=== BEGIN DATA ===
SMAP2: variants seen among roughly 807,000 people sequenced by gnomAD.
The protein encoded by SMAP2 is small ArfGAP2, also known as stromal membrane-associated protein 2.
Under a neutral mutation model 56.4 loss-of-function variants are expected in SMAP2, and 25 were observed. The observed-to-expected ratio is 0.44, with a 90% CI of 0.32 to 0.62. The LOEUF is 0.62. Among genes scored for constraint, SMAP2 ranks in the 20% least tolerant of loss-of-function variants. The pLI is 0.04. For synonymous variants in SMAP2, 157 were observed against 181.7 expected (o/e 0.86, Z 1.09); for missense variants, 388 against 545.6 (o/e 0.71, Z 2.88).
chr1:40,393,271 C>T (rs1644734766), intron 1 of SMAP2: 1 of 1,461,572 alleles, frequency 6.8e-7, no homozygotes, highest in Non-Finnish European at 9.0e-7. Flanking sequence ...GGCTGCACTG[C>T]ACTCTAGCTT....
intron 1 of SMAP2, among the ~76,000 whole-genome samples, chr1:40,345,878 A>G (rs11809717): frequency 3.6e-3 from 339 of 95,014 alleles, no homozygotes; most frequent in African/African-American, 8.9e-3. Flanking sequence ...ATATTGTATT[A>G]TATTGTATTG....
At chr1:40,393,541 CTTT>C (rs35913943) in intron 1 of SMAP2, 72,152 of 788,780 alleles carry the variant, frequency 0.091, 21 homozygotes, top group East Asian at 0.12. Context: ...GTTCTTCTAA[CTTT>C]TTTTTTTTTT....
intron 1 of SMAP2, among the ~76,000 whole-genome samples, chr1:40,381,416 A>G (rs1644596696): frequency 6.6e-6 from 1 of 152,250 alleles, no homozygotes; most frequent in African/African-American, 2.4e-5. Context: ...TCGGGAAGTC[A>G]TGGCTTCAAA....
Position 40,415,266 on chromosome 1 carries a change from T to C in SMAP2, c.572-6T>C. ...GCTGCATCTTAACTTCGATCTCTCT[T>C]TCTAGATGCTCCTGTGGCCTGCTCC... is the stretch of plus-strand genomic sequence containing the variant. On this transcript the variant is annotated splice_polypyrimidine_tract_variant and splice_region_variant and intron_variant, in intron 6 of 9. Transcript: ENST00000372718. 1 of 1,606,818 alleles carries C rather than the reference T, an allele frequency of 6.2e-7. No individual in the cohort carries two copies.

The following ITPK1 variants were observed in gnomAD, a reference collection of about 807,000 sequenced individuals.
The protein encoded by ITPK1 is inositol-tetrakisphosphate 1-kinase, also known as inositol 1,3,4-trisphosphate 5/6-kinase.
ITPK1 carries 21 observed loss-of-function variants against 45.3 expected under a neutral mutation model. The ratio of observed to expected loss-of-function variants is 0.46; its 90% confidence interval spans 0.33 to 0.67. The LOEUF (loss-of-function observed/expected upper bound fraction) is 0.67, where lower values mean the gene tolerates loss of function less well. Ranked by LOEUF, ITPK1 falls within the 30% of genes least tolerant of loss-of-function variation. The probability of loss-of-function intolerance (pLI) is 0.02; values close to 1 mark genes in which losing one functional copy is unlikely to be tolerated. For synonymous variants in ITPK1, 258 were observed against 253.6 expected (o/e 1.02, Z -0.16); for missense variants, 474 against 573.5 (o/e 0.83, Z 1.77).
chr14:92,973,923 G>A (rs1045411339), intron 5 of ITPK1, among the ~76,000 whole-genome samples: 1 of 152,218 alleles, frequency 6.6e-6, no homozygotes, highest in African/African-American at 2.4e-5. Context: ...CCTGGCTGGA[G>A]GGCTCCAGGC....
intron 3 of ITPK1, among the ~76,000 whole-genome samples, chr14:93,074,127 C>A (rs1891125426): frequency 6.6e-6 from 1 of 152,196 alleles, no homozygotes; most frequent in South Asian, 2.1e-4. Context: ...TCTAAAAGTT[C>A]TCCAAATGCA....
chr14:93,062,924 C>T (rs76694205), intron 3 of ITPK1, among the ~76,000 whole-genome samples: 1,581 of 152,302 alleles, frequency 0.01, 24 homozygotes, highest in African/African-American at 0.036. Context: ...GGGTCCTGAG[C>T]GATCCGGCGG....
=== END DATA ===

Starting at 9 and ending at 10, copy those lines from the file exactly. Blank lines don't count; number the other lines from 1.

The following ITPK1 variants were observed in gnomAD, a reference collection of about 807,000 sequenced individuals.
The protein encoded by ITPK1 is inositol-tetrakisphosphate 1-kinase, also known as inositol 1,3,4-trisphosphate 5/6-kinase.